Make the Most of Micronutrients
By Heather L. Dyson
We have all heard about macros, mostly associated with stringent eating habits or fad diets to maximize the internal burn or bulk up. But what about micros? What are these tiny little nutrients and how do they impact our overall health? Do they possess some kind of secret untapped power, or are they too small to make a difference?
Micronutrients are essential nutrients the body cannot make on its own that are needed in relatively small quantities. These little nutrients are consumed through food just like macronutrients and are broken into 2 categories: vitamins and minerals. Now there’s a familiar term! It is a common health mantra to make sure you are getting enough vitamins and minerals in your diet, and for good reason: micronutrients are little powerhouses that help support almost every internal function in your body. Without them, much of our bodily functions and daily activities would not be possible.
Vitamins are nutrients that are actually derived from organic substances, meaning they are made by plants and animals (1). There are 13 essential vitamins that are categorized as either water-soluble or fat-soluble. Vitamin C and the B Vitamins are water-soluble, so they circulate using water and are not stored in the body, with any excess simply lost in the urine (2) Since they are easily excreted, supplementation is not harmful, though whole food sources are always recommended. Vitamins A, D, E, and K are fat-soluble, so they bind to fat in the stomach and are then stored in fatty tissue and the liver (2). Since these vitamins can be stored and are not excreted quickly, getting too much of them can lead to serious health issues. Supplementation for these vitamins should be sparse and only used when medically necessary.
Vitamins are quite fragile because they can be broken down by heat or with age, which means certain cooking methods can reduce the amount of vitamins left in your food (1). This doesn’t mean you have to pinch your nose and start eating all of your vegetables raw! There are many ways to safely and effectively maintain vitamin density in your food without compromising taste and quality (3). Steaming is a great method for preserving the nutrients in your vegetables. Additionally, cooking foods whole with the peel on will help reduce the exposure to heat and water and preserve more of the nutrients. For meats, it is recommended to pour the juices from the pan back onto the meat to maintain as much of the vitamins as possible.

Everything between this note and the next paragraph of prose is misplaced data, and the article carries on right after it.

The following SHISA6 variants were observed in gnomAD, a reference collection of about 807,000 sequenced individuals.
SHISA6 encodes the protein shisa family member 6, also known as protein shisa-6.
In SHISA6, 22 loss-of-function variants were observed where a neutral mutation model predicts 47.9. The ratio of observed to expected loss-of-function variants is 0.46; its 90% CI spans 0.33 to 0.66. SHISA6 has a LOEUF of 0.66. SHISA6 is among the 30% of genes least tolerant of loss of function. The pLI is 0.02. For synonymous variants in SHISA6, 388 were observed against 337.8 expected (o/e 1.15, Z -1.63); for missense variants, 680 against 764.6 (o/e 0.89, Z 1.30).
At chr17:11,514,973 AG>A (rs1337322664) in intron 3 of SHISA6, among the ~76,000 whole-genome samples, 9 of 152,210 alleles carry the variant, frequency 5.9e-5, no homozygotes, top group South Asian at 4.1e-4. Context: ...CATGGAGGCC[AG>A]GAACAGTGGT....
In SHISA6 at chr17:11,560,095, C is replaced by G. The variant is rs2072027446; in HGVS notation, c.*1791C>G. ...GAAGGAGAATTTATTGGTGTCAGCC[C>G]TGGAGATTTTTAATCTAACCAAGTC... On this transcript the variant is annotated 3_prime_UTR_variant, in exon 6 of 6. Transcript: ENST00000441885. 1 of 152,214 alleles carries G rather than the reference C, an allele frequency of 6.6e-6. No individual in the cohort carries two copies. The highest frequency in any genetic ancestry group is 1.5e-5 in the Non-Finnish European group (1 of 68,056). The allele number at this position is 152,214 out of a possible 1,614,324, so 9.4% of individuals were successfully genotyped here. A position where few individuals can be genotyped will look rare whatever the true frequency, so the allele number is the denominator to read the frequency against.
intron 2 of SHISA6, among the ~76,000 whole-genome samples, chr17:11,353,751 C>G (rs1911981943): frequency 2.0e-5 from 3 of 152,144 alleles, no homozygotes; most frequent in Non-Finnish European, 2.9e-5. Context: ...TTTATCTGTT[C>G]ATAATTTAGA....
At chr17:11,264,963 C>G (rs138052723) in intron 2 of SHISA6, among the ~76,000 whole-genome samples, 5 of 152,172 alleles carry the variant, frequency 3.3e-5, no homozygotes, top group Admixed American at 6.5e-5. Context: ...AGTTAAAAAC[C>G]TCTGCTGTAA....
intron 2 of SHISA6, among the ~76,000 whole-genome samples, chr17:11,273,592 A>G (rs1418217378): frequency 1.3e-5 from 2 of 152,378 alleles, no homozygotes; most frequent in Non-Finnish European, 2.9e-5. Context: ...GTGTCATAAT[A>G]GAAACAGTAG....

Minerals are not as easy to lose since they cannot be broken down by air or heat. These micronutrients are obtained through the soil and water and are categorized as either major minerals or trace minerals (2). Major minerals are needed in larger amounts than trace minerals and include calcium, chloride, magnesium, phosphorus, potassium, sodium, and sulfur. All of those fancy names translate into nutrients that support proper water balance and contribute to the structure for bones and proteins. Trace minerals have a range of functions, but primarily help with carrying oxygen, forming enzymes, and supporting the immune system (2). Supplementation is rare and not recommended unless there is a medical deficiency, so it is best to find whole food sources to meet your required intake.
At the end of the day, vitamins and minerals are an important part of a healthy, balanced diet and are best obtained through whole food sources. While supplements like gummies or multivitamins may seem like an easy way to swallow up all those essential micronutrients at once, it is much better to eat a variety of colorful, whole foods to get what you need. When STAC’s new athletic club opens, be sure to check out our nutrition programs to learn more about micronutrients and get help finding the right balance for you!
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